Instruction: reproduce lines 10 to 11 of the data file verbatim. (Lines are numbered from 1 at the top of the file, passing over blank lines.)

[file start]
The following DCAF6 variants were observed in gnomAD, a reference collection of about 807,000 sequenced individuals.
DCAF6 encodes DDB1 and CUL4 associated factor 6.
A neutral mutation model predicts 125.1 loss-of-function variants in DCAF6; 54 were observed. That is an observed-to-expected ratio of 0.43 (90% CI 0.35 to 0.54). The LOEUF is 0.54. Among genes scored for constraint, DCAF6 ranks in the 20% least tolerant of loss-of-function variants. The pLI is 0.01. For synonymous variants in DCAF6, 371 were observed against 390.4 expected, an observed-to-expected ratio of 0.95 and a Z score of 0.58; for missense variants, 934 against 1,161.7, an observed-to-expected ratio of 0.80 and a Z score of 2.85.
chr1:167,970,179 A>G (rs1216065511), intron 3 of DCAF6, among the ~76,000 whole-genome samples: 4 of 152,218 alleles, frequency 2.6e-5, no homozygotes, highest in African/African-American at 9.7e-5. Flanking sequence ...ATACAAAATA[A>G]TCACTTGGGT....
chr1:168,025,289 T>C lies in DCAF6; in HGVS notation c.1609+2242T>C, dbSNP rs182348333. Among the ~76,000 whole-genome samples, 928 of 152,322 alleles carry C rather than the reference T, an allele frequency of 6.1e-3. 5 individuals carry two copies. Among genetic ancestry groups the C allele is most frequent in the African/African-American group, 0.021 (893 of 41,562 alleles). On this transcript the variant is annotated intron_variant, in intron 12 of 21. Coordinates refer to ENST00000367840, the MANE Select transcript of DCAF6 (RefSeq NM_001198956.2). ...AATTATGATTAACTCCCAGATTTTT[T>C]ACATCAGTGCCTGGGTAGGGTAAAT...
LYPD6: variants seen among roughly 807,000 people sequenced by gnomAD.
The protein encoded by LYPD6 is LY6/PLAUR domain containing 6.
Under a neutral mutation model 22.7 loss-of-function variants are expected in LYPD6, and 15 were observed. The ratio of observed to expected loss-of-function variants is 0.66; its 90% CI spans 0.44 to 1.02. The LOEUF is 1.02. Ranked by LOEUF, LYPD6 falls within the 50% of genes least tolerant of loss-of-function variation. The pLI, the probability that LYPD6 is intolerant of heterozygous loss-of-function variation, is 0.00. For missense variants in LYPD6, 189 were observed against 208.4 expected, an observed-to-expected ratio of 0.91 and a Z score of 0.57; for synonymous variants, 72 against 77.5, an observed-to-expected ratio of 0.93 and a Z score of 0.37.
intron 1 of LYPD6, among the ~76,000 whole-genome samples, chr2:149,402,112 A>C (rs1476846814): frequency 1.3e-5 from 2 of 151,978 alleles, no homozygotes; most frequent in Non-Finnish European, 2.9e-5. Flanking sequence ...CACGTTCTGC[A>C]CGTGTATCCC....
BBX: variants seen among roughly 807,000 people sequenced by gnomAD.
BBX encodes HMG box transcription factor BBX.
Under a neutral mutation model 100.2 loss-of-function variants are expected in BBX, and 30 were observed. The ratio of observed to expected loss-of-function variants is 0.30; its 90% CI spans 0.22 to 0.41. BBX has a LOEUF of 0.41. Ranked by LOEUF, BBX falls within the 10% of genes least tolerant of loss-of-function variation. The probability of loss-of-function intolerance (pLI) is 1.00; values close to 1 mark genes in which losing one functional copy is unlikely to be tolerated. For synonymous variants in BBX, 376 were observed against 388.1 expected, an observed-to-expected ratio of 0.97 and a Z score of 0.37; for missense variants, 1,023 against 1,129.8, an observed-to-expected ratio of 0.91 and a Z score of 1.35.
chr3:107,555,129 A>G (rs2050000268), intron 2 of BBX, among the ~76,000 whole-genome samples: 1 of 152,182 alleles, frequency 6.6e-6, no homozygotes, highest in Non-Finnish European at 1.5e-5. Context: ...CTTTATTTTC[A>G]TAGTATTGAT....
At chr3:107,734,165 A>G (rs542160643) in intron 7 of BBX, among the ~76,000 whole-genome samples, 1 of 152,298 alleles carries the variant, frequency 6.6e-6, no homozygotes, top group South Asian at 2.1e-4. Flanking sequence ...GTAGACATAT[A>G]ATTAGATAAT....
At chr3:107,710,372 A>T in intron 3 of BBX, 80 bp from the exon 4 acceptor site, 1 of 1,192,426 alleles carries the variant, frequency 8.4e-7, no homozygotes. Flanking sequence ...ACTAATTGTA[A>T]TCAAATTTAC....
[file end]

BBX: variants seen among roughly 807,000 people sequenced by gnomAD.
BBX encodes HMG box transcription factor BBX.